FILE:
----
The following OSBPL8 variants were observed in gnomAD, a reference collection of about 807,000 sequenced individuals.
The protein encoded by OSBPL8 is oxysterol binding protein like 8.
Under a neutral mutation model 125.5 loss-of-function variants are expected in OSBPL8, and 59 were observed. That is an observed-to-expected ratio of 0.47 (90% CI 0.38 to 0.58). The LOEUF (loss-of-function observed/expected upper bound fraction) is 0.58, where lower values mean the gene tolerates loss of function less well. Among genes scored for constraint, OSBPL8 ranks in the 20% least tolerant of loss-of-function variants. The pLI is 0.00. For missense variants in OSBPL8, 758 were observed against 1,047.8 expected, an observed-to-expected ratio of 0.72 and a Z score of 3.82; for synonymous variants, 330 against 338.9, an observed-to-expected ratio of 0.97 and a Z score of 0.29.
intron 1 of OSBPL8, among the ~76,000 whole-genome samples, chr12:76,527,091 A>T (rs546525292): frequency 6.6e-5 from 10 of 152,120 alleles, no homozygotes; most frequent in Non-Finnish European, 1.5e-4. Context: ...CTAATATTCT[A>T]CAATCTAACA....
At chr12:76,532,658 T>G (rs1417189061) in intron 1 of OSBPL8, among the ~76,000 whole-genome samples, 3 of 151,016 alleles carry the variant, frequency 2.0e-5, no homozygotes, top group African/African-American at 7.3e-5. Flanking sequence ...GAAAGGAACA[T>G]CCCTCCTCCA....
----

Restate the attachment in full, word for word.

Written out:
The following OSBPL8 variants were observed in gnomAD, a reference collection of about 807,000 sequenced individuals.
The protein encoded by OSBPL8 is oxysterol binding protein like 8.
Under a neutral mutation model 125.5 loss-of-function variants are expected in OSBPL8, and 59 were observed. That is an observed-to-expected ratio of 0.47 (90% CI 0.38 to 0.58). The LOEUF (loss-of-function observed/expected upper bound fraction) is 0.58, where lower values mean the gene tolerates loss of function less well. Among genes scored for constraint, OSBPL8 ranks in the 20% least tolerant of loss-of-function variants. The pLI is 0.00. For missense variants in OSBPL8, 758 were observed against 1,047.8 expected, an observed-to-expected ratio of 0.72 and a Z score of 3.82; for synonymous variants, 330 against 338.9, an observed-to-expected ratio of 0.97 and a Z score of 0.29.
intron 1 of OSBPL8, among the ~76,000 whole-genome samples, chr12:76,527,091 A>T (rs546525292): frequency 6.6e-5 from 10 of 152,120 alleles, no homozygotes; most frequent in Non-Finnish European, 1.5e-4. Context: ...CTAATATTCT[A>T]CAATCTAACA....
At chr12:76,532,658 T>G (rs1417189061) in intron 1 of OSBPL8, among the ~76,000 whole-genome samples, 3 of 151,016 alleles carry the variant, frequency 2.0e-5, no homozygotes, top group African/African-American at 7.3e-5. Flanking sequence ...GAAAGGAACA[T>G]CCCTCCTCCA....